Albert Sojo on a two year deal to cover my long relief role, and provide some extra starting pitcher depth if a guy in my rotation goes down. I probably could’ve waited a couple more cycles and got him cheaper, though I did have him as the 8th best SP this FA cycle.
Brant Wulf moves to Little Rock after a very productive season in Richmond.
Outside of Torrealba there aren’t too many “impact” bats left out there. Don’t get me wrong, there are some very productive guys left, but nothing game changing.
Also I might start a “Tanking Watch” section to the blog as Kansas City hasn’t signed a player other than to a minor league deal at this point.
I haven’t been as active on updating the blog this season, and for that I apologize.
Here’s a quick run down of the off season acquisitions so far.
Gabby Ducey comes over the the National League to join Little Rock on a 5yr/$73.9 million deal. I was in the bidding on him, but I was only willing to do 5yrs at $12.5 million per with a $8-9 million bonus this year. They also lock up perennial gold glove catcher
D'Angelo Alberro for five years.
Alex Zhou and
Maverick Buss are staying in Austin for the next couple of years. I’ve sang the praises of Zhou before, and I will continue to until he’s a HOF. The guy is far and away the league leader for career WAR.
Armando Melendez stays in the American League, but switches to the southern division as he joins San Juan. He’s probably no longer suited for duty behind the plate, but his bat is still potent.
Another Hartford loss as
Alexi Balentien moves over to Scottsdale on a very reasonable 3yr/$15 million deal.
Baltimore, formerly Dover, holds onto
Somehow Hartford gets
Angel Wilfredo on a one year deal.
Jacksonville cuts lose
Fritz Purcell allowing Syracuse to pick him up.
Jerry Whitman to replace
Benji Diaz at 1B. I also brought in
Kazuo Lee to play CF, which his range should make him a good candidate for gold glove, though his arm probably isn’t up to snuff. Oh well, he’ll play a better CF than
Jimmie Velazquez would’ve. Though all I want him to do is walk and get on base.
After an off year,
Sean Shave moves to Jacksonville. Like Melendez, he’s probably not going to be even an average catcher anymore, but he’ll do in a pinch.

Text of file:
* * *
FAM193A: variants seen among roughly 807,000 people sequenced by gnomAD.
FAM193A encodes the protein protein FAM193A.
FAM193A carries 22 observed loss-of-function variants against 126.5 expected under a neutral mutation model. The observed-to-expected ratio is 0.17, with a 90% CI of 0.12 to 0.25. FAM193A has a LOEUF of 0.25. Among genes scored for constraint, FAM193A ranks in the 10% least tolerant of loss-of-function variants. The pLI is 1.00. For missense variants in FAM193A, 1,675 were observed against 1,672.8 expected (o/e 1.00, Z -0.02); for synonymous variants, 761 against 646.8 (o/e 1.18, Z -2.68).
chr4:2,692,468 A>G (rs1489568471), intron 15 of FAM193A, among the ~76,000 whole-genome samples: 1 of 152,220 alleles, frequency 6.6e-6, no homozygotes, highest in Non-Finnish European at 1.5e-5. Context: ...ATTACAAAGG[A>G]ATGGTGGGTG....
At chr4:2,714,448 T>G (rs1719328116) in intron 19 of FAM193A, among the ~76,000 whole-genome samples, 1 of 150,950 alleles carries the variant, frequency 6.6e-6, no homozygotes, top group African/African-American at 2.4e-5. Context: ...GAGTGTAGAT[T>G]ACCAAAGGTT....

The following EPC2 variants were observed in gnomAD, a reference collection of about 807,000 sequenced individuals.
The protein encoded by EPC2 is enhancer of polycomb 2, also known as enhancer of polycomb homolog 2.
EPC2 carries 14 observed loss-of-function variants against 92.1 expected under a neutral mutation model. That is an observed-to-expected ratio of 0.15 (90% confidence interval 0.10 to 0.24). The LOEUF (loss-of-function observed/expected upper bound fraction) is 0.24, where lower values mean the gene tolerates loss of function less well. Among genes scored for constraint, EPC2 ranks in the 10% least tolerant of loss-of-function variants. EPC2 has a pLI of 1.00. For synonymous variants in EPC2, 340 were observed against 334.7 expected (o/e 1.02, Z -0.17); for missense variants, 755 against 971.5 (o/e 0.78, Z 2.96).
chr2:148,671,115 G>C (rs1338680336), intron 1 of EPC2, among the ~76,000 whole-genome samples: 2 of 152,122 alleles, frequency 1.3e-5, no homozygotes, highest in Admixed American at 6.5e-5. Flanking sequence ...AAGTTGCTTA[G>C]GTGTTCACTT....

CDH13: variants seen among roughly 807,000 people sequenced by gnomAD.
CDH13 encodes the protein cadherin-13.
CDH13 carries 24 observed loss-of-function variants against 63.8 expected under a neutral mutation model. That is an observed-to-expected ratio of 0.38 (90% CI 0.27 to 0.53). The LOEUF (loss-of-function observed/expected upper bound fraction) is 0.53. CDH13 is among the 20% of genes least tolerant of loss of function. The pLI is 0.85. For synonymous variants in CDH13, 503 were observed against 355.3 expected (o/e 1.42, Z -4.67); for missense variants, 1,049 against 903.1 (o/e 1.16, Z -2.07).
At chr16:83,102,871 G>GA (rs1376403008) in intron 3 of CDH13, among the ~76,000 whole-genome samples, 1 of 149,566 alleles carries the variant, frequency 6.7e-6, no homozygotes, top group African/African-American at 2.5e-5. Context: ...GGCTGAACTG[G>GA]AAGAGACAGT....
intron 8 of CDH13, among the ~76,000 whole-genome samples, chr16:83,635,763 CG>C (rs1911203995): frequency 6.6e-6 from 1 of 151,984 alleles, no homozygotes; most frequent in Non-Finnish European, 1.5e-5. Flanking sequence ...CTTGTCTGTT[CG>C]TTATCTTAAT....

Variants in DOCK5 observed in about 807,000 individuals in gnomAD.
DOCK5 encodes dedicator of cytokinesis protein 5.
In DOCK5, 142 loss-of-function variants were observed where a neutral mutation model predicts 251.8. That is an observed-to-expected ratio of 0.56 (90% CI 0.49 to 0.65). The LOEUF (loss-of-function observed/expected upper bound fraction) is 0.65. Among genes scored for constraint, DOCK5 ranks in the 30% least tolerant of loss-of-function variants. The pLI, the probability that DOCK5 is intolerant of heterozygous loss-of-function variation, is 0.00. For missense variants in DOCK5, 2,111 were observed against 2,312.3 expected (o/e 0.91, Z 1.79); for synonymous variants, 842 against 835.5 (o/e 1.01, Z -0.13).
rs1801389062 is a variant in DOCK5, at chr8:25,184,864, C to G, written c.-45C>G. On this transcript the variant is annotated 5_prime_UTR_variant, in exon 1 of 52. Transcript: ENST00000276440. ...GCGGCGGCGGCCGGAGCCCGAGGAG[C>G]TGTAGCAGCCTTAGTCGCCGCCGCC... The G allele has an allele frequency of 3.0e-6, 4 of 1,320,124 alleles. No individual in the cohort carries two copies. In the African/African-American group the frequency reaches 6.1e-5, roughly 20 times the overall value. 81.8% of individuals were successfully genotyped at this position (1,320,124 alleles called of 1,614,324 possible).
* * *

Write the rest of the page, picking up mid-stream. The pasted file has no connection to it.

Greg Blake, probably to replace Shave. His bat isn’t as good as Shave’s, but he definitely a better fielder.
Our fearless commish signed
Pablo Mateo for four years.
Switching over to starting pitchers real quick before I sign off for the night:
I’m happy that
Willie Rooney is out of my division, as he’s playing in Salem now.
After being abused in Los Angeles last season,
Melky Serra moves over to Jackson. They also pick up
Matty Owen, and
Miguel Ayala. If I had to guess who will have the most improved pitching staff without really looking too hard, my guess would have to be on Jackson.
Another pitcher out of my division,
Pedro Mercedes is now playing in Sacramento, who is in the AL West.
Hartford is able to stem the loss of Lennon with
Santos Henriquez on a one year deal.
Al Lee signs for New Orleans.
And that’s where I’ll leave it at. I’ll try to post something tomorrow.
I’ve got the final numbers for season 22.
We’ll just get the easy one out of the way as we all know
Malcolm McCartin is going to win the NL Cy Young Award. This year he’s been worth four wins more than the next closest pitcher in the league, which is surprising because he’s in frickin Colorado of all places.
In the AL,
Mike Lawrie ended up pulling away in the last quarter to take the crown in terms of WAR. We’ll see how the votes fall.
I’ll have the LC’s Golden Gloves here in a day or so.
The full spreadsheet for both pitchers and batters can be found here.